My tendencies are to pick up on patterns, in human interaction, in data, in almost everything. I am a computer science/math major, and my brain loves to seek out the unobvious patterns in whatever I am observing. One of my favorite pastimes is to figure out broken elevator algorithms: what event causes the doors to close too quickly, how are the cars distributed amongst the people requesting the elevators, etc. One of the not-so-favorite puzzles my brain likes to do is to pick up on patterns of human behavior from both men and women which affect how tech women are treated both on and off the job. This article is all about the patterns I and other women have found in human interaction, office and online environments, which make them less conducive to tech women participation.

The less obvious

I won’t be addressing the more obvious problems affecting women in tech environments such as the pay scale gap between women and men, the blatantly inappropriate sexism and personal harassment that has taken place, and persists. My reasons are because I feel these issues have been properly and effectively addressed by other women in tech (they’re not resolved by any means, but at least public awareness is rising). With this article, I am attempting to address the less obvious or unobvious reasons why some tech environments are intolerable for many women.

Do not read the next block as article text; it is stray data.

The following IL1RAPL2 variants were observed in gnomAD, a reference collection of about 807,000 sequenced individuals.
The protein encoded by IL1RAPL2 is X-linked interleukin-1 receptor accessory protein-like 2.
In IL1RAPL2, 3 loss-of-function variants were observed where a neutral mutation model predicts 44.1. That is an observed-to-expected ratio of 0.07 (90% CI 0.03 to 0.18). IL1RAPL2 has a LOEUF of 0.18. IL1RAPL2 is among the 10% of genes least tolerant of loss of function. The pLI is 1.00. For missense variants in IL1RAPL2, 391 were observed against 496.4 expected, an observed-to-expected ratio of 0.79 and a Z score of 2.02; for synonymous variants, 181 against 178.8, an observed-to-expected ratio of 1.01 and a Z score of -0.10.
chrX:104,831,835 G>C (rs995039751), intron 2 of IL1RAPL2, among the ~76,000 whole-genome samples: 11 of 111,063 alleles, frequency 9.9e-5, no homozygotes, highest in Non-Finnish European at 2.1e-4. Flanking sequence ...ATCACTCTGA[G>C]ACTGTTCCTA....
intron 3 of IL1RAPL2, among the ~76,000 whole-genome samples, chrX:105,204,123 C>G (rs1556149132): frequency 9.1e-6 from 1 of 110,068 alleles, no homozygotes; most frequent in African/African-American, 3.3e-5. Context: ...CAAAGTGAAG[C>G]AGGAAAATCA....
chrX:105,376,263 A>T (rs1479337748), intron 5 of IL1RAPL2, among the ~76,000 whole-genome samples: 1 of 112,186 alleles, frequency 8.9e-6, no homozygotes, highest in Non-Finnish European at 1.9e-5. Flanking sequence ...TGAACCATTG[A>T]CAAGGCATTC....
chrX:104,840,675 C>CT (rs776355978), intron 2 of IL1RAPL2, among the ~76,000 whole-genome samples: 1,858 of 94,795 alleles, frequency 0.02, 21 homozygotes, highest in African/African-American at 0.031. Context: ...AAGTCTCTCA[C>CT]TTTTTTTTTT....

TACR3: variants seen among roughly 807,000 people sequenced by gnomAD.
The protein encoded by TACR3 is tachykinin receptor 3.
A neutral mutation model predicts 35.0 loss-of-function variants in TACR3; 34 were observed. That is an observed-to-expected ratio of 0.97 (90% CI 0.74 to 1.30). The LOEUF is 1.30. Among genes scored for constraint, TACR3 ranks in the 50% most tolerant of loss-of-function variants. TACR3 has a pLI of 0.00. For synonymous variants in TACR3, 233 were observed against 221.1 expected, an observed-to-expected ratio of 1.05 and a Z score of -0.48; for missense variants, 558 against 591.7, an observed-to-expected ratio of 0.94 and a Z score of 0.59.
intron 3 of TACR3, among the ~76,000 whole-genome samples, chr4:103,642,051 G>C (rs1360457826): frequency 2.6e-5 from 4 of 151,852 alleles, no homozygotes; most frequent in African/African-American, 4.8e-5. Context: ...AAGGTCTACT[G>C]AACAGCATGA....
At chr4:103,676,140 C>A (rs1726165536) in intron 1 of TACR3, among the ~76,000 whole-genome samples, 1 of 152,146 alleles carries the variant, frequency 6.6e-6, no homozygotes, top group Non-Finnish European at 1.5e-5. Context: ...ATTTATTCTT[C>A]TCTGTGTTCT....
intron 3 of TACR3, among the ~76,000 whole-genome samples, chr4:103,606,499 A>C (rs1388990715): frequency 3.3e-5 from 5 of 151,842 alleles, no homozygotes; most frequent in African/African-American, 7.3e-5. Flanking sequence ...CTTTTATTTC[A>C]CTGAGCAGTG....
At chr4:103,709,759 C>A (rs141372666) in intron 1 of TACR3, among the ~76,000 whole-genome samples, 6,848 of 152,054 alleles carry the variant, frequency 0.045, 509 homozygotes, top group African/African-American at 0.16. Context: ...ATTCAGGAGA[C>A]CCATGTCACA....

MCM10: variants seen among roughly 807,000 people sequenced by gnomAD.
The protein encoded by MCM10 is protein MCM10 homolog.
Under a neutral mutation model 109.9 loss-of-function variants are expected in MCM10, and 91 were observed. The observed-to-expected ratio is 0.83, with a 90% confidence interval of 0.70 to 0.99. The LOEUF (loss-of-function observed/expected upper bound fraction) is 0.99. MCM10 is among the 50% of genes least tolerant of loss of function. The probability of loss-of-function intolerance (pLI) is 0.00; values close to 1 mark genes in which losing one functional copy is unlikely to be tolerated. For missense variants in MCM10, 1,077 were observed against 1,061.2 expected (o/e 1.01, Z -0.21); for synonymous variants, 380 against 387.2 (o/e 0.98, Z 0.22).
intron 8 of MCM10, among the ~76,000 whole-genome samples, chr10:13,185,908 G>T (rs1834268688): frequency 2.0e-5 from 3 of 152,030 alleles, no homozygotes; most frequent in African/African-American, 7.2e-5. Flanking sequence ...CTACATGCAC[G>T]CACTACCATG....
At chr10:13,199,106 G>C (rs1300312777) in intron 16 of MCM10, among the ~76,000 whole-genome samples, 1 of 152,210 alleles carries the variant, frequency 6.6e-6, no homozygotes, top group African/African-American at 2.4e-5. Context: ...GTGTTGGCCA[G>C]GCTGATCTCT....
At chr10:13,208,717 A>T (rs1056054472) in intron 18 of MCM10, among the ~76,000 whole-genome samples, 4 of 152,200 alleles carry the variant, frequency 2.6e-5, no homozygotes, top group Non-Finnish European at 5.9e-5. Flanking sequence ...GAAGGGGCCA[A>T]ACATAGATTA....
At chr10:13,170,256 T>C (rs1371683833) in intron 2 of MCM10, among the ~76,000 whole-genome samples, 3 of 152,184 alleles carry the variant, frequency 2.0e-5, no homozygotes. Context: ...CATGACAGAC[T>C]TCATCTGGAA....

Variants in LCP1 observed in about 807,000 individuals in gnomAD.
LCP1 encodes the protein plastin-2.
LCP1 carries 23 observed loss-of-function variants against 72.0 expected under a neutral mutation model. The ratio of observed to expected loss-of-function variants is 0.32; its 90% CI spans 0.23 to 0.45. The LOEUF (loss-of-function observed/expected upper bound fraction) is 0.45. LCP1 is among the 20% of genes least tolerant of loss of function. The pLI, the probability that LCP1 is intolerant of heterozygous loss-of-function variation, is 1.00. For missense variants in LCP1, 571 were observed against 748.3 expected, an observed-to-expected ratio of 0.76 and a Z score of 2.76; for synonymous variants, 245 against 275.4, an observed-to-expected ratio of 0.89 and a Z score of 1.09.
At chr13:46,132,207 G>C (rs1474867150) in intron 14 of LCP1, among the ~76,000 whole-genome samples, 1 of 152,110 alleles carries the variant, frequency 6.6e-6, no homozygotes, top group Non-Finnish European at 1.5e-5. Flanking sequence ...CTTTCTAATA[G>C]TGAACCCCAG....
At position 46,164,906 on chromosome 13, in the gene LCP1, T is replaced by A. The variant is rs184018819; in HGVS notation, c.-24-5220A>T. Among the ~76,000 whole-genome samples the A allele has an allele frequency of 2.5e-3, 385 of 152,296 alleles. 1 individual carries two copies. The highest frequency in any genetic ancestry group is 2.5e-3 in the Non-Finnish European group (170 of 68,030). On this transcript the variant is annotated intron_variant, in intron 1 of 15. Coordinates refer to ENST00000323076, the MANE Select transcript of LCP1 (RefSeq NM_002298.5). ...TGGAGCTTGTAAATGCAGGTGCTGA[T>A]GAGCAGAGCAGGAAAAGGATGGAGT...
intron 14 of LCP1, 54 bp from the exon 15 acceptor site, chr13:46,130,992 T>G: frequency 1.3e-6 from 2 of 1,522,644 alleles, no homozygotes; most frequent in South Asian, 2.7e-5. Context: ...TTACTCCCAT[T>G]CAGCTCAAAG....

The material for this article came about through my participation in both women-only and mixed gender groups of many kinds. When I wonder why tech groups aren’t tolerable for many women, I look at the inverse of the problem: What makes women-only tech groups more tolerable for women? My observations follow.

Why do women-only tech groups exist?

Over the years I had participated in many different types of women-only groups. Women-only drumming groups, women-only political groups, women-only tech groups, have all provided what women consider to be a “safe haven” to freely learn these arts, share ideas, expose each other to paid “gigs”, and help each other accomplish tasks. Women in these groups usually had nothing else in common except for the fact that they (1) were female, and (2) shared an interest and experience in drumming/politics/tech. Their professions, ages, skill levels, hobbies, sexual orientations, life experiences, marital status, children/grandchildren/no children, everything else about these women varied vastly.

My brain began to try and pick up on patterns which would explain why all of these different types of women feel as if they need a women-only group, and what such a group can provide that a mixed gender group cannot. Here are my observations.